I read the letter by Judith Patrick the Property Manager for Hardcastle Crags (Tour say, March 10). Her picture shows the true glory of the Crags. This is the view of trees we aim to preserve.
I enclose some pictures taken on Friday March 11 this year. You can see the destruction. Logs are piled ready for collection as they are near the road and transport is then easy. A spin doctor cannot disguise the evidence. These pictures were taken as we walked from Gibson Mill to the car park .
In the letter wildlife welfare is mentioned. Why are you cutting trees down at the start of the nesting season? Surely mammals and other land based creatures need shrub and brush cover? How many colonies of hairy ants have been destroyed by dragging logs over the ground to the road? Deer avoid the area round the Crag as it has been denuded of trees - to create a vista?
Where open spaces have been made in the woodland this has created a wind funnel for the north wind and two beautiful beech trees near the water have been damaged since Christmas. They have now been cut down. More wood to burn. Less cost. Surely this problem of wind damage was foreseen by the experts.
You claim your style of woodland management is for the benefit of local people. Perhaps you will consider changing the management if enough people object to this destruction?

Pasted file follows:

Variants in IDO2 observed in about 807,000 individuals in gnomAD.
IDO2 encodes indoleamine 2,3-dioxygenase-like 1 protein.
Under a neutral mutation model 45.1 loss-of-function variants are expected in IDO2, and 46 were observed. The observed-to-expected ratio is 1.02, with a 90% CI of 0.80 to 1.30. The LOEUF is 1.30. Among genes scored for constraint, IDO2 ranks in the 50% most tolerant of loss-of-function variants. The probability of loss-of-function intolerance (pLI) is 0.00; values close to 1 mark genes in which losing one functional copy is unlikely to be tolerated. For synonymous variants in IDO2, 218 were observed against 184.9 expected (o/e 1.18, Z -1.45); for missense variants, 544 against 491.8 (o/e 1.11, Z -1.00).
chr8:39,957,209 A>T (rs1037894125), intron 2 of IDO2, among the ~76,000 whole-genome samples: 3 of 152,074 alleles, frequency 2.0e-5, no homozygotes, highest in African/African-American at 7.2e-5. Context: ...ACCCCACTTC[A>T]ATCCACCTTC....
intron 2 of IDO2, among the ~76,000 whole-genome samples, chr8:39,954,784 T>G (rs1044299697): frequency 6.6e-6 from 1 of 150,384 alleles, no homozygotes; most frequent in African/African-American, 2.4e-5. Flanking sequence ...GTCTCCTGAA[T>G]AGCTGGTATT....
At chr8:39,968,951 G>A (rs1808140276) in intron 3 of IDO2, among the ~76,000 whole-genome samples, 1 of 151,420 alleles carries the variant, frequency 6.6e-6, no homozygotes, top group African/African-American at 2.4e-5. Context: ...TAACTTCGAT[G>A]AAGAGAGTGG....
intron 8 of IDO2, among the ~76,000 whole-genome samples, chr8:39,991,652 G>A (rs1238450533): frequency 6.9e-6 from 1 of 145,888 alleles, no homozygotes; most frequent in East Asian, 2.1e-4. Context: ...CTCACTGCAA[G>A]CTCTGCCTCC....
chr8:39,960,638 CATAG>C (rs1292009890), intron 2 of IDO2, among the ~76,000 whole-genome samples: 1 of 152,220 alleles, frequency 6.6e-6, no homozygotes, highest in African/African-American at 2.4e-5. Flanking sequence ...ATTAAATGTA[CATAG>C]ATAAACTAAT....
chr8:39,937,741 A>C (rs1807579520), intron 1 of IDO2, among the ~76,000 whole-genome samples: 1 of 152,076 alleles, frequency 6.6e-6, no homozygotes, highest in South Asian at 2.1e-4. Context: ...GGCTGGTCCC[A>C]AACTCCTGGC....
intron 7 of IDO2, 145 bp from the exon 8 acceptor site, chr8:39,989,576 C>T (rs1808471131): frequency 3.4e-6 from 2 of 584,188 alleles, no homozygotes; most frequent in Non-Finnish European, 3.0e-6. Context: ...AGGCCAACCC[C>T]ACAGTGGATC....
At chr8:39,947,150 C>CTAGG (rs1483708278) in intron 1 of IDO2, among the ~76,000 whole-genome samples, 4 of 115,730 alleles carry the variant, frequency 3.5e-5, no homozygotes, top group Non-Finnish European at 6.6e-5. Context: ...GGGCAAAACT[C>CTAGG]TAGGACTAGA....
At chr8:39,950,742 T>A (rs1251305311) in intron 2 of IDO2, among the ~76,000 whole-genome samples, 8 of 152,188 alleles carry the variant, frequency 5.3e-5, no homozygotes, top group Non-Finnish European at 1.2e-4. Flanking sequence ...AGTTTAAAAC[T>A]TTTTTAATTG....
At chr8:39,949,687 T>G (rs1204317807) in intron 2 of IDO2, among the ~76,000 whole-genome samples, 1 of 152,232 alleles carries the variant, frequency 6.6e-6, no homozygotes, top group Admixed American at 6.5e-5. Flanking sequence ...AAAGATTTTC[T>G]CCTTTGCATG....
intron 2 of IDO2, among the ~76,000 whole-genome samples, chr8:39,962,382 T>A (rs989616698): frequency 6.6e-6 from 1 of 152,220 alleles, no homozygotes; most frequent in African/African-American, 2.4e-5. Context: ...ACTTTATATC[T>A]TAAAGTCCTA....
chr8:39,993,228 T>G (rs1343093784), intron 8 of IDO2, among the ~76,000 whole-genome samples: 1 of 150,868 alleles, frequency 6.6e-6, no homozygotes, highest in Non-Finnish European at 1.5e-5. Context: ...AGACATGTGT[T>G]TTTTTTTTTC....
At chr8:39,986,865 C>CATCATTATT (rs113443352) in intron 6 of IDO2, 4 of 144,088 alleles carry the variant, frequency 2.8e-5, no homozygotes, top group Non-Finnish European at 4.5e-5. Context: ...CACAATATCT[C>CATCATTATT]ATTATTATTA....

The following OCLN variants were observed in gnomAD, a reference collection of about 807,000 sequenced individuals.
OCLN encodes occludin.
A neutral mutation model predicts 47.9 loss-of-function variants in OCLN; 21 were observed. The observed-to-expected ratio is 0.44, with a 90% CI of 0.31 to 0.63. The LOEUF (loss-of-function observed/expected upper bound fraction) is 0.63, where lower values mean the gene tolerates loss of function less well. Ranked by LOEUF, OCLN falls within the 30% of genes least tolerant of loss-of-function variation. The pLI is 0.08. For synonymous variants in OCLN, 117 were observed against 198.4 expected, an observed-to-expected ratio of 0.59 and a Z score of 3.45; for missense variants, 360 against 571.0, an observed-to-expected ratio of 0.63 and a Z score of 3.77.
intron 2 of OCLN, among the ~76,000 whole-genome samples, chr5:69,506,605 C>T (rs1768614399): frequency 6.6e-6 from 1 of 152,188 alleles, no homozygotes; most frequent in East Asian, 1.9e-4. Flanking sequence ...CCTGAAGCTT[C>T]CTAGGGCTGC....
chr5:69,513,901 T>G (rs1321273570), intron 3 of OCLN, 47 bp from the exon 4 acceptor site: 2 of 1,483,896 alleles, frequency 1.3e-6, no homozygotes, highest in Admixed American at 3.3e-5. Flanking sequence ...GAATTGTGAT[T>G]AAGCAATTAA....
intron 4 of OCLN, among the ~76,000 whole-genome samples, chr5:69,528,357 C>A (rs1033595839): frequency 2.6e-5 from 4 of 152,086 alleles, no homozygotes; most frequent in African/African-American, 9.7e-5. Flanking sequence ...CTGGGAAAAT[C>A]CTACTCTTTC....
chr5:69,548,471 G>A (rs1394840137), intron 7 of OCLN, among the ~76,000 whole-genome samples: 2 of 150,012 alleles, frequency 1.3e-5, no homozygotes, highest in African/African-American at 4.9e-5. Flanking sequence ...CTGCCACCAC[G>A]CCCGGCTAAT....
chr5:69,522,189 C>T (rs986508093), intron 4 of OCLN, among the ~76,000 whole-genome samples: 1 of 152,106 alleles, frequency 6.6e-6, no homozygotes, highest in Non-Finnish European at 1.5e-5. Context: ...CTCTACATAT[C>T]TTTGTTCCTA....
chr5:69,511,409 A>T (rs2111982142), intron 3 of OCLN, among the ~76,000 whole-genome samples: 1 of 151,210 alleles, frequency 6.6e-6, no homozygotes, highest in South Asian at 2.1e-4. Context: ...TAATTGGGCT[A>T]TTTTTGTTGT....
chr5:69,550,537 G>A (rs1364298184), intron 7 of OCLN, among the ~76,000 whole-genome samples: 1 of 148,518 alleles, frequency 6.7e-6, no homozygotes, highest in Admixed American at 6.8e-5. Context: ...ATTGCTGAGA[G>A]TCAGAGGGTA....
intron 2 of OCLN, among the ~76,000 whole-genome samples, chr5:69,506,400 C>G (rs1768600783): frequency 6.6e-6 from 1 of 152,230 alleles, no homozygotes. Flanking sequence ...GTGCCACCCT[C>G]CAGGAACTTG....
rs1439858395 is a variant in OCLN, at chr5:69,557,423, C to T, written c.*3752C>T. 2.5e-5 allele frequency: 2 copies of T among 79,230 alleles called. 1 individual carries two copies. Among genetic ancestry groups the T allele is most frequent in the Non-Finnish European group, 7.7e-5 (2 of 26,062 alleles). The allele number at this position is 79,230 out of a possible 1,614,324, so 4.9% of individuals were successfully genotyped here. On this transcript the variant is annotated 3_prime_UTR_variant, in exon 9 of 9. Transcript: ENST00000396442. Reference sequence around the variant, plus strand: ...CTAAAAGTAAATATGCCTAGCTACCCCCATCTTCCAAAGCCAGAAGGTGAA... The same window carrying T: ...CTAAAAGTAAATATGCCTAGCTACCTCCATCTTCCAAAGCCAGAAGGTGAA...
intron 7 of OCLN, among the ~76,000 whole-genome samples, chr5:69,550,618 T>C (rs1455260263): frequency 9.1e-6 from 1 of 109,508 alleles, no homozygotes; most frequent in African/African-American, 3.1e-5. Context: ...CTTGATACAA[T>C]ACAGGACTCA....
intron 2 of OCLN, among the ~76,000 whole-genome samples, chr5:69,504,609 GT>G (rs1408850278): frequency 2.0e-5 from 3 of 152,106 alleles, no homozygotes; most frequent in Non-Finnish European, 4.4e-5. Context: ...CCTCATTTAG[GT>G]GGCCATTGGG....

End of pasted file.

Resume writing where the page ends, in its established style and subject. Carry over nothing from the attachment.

You say in your letter that in the last two years nearly three Hectares of trees have been felled. That’s just less than FIVE international football pitches. In the previous eight years it was FOUR hectares. A total of seven Hectares destroyed in ten years. We calculate this is equivalent to eleven International football pitches. Plus I quote (Other fellings have been undertaken). These are your figures. Trees take decades to regenerate. If felling continues at this present rate then in 2021 then the National Trust will have felled trees to the equivalent of over thirty football pitches. That is not counting the casual felling or storm damage.
It doesn’t include the trees they have ringed this year. Ringing a tree involves taking a piece of bark from the trunk of the tree so that no nutrients can be transported to the branches and leaves because all the vessels have been severed. The tree dies of starvation. It is a cruel slow death and of course a dead tree has to be felled.If a wood is to be used for fuel then trees need coppicing. There are many examples of this woodland management in Calderdale.
We are hoping the National Trust will listen to our concerns. We wish to preserve the trees for future generations. They take a human lifetime to replace.
How can we persuade the Trust to change policy? Will they listen to the public who do not agree with this destruction? It would be ironic for the Crags to survive flooding, (fifty years ago a reservoir was planned) only to be destroyed now by the people who are supposed to be looking after it .
Please, please help. In ten year’s time over thirty football pitches of trees will have been destroyed. Peter Ward